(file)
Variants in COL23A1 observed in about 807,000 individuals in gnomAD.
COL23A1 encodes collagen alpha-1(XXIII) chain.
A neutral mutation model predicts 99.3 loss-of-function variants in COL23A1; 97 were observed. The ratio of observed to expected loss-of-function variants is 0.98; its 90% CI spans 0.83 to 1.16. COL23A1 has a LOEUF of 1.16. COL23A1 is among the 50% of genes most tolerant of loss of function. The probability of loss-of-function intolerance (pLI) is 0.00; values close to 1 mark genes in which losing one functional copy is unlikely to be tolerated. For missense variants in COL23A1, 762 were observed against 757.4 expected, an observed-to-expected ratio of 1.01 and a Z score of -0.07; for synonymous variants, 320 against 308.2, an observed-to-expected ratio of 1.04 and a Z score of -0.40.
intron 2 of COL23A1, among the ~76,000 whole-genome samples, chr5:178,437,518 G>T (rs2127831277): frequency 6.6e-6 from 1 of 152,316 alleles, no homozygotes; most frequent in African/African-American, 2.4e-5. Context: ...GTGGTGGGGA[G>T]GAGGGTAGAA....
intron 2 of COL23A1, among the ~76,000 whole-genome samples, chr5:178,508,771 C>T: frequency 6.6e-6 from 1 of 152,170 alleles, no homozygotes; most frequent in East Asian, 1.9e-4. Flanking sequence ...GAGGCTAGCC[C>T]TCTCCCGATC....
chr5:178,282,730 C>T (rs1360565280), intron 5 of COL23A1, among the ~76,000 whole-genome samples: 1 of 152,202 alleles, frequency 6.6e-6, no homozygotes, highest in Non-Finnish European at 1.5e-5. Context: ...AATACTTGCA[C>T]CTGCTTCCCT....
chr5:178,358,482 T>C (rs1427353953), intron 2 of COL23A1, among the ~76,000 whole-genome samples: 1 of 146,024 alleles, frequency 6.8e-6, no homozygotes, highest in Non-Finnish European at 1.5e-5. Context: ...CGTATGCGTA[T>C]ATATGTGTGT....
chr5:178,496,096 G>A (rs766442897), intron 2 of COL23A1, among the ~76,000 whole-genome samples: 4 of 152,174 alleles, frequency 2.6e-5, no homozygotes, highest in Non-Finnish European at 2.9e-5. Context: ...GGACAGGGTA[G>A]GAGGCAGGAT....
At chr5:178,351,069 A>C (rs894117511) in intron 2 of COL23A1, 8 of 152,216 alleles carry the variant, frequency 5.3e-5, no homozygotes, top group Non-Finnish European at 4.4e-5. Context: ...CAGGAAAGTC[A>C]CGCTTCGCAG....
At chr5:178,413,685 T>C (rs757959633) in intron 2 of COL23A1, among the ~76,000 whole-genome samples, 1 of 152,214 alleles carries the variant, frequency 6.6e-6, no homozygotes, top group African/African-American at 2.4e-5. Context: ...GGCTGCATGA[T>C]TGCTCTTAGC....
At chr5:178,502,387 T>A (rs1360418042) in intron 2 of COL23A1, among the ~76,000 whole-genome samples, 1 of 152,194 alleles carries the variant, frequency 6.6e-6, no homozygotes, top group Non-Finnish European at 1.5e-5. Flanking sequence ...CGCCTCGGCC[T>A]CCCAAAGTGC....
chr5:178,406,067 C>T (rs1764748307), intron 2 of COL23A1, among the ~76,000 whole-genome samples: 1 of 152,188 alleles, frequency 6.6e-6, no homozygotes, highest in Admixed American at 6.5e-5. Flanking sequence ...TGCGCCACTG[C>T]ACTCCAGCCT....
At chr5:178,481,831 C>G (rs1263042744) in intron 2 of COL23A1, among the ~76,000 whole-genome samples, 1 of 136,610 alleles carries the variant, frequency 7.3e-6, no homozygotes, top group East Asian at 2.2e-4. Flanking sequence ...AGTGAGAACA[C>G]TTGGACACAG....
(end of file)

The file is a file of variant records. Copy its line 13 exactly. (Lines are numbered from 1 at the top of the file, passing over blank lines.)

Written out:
At chr5:178,481,831 C>G (rs1263042744) in intron 2 of COL23A1, among the ~76,000 whole-genome samples, 1 of 136,610 alleles carries the variant, frequency 7.3e-6, no homozygotes, top group East Asian at 2.2e-4. Flanking sequence ...AGTGAGAACA[C>G]TTGGACACAG....